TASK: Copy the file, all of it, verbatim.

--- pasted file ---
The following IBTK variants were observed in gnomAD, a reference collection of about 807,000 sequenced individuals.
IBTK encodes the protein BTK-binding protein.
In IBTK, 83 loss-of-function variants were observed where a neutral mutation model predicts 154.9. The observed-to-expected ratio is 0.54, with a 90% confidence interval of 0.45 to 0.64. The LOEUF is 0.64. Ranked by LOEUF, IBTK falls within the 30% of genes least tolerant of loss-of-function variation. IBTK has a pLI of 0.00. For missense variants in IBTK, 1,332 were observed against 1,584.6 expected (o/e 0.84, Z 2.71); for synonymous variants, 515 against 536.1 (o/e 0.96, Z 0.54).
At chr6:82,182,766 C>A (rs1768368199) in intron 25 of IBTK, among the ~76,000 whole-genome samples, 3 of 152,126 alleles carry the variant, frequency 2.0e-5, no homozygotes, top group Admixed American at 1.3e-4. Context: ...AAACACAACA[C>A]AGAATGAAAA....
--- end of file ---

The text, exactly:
The following IBTK variants were observed in gnomAD, a reference collection of about 807,000 sequenced individuals.
IBTK encodes the protein BTK-binding protein.
In IBTK, 83 loss-of-function variants were observed where a neutral mutation model predicts 154.9. The observed-to-expected ratio is 0.54, with a 90% confidence interval of 0.45 to 0.64. The LOEUF is 0.64. Ranked by LOEUF, IBTK falls within the 30% of genes least tolerant of loss-of-function variation. IBTK has a pLI of 0.00. For missense variants in IBTK, 1,332 were observed against 1,584.6 expected (o/e 0.84, Z 2.71); for synonymous variants, 515 against 536.1 (o/e 0.96, Z 0.54).
At chr6:82,182,766 C>A (rs1768368199) in intron 25 of IBTK, among the ~76,000 whole-genome samples, 3 of 152,126 alleles carry the variant, frequency 2.0e-5, no homozygotes, top group Admixed American at 1.3e-4. Context: ...AAACACAACA[C>A]AGAATGAAAA....